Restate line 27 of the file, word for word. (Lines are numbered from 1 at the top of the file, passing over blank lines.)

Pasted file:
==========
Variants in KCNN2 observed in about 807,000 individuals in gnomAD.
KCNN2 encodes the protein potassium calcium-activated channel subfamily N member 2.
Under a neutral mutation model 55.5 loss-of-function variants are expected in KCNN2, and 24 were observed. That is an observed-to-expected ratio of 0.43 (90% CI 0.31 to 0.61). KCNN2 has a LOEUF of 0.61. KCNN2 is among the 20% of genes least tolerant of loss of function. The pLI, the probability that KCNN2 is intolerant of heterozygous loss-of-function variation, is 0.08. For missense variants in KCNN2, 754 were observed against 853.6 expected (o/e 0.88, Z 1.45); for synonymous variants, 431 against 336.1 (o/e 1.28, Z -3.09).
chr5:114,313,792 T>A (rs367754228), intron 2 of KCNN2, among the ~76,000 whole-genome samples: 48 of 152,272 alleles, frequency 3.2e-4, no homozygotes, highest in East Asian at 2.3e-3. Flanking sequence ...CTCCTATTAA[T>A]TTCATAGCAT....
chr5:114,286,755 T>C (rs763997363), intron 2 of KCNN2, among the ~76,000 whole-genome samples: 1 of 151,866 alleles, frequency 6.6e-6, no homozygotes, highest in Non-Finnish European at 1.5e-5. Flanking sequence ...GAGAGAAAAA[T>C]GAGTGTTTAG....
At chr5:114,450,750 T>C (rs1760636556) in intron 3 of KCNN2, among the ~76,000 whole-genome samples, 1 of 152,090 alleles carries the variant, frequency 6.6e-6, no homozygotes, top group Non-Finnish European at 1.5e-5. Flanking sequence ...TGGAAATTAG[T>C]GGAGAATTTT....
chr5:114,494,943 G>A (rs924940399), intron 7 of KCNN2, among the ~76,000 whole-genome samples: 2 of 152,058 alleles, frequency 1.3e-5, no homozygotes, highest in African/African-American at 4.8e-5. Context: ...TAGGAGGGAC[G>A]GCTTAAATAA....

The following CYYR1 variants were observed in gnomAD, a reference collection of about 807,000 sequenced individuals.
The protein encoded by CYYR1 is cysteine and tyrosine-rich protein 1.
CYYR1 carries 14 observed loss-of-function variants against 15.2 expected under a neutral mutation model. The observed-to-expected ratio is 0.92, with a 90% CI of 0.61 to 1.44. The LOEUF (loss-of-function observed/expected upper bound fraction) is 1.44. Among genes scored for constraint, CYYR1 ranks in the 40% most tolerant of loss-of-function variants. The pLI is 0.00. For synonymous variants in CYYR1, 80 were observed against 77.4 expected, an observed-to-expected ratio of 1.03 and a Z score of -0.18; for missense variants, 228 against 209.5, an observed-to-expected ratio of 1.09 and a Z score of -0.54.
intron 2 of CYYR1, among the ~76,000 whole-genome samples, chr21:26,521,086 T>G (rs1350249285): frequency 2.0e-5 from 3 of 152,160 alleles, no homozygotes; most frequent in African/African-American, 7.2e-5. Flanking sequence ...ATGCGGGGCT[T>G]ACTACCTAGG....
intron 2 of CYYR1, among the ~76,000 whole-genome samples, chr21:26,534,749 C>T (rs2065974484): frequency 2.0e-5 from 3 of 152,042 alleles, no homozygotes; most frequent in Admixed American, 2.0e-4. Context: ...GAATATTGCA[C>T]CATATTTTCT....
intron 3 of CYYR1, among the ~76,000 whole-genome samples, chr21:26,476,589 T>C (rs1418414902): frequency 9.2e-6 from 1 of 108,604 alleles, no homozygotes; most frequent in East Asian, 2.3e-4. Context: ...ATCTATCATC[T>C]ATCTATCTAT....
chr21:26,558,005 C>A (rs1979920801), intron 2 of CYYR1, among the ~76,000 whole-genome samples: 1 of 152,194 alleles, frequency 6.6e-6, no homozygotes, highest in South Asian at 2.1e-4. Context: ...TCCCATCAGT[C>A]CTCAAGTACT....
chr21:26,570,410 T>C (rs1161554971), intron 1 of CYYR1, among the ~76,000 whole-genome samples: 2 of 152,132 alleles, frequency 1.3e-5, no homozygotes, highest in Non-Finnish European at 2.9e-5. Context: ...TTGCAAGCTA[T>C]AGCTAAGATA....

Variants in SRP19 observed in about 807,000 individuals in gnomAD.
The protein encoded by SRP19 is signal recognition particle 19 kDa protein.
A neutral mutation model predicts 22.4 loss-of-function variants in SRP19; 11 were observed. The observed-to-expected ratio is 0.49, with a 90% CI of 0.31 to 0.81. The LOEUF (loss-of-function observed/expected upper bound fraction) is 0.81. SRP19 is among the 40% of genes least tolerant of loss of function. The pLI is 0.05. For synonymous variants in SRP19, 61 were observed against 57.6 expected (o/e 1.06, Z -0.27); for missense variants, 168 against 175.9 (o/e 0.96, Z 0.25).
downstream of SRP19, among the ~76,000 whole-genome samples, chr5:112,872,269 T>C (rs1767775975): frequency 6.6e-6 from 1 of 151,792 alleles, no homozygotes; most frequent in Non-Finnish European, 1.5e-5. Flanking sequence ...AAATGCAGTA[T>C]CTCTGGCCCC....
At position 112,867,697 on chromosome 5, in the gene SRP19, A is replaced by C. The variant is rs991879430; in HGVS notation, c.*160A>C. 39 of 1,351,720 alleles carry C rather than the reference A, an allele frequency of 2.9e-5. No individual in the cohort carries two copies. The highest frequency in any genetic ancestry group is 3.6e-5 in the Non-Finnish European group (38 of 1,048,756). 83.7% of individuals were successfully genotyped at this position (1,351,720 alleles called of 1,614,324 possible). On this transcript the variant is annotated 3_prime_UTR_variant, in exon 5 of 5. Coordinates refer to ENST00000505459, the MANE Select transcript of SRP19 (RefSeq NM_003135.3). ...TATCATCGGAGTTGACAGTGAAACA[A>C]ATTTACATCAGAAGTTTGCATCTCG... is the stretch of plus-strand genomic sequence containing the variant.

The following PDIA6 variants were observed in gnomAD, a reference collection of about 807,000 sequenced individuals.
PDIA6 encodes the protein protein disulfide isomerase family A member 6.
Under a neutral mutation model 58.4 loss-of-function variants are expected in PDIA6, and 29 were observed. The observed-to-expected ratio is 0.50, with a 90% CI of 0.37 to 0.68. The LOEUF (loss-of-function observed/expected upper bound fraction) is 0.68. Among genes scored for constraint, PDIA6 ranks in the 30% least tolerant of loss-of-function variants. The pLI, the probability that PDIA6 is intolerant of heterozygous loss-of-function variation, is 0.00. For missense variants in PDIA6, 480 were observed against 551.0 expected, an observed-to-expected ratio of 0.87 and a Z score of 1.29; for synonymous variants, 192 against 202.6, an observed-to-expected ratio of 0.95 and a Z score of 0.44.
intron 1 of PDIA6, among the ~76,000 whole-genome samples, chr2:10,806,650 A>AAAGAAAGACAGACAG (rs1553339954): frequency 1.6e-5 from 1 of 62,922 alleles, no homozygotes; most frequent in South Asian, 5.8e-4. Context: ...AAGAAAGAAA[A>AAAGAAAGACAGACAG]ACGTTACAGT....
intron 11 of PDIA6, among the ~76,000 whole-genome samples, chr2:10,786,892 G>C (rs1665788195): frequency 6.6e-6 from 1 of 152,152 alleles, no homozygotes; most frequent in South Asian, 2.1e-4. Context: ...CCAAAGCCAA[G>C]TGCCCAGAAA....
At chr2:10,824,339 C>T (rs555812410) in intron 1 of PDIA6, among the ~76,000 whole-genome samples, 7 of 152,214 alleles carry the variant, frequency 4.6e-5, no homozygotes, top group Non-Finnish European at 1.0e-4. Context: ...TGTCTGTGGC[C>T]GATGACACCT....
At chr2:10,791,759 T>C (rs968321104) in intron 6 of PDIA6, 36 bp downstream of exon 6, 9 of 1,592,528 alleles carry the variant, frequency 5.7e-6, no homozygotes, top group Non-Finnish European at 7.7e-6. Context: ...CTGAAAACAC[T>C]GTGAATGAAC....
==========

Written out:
At chr2:10,791,759 T>C (rs968321104) in intron 6 of PDIA6, 36 bp downstream of exon 6, 9 of 1,592,528 alleles carry the variant, frequency 5.7e-6, no homozygotes, top group Non-Finnish European at 7.7e-6. Context: ...CTGAAAACAC[T>C]GTGAATGAAC....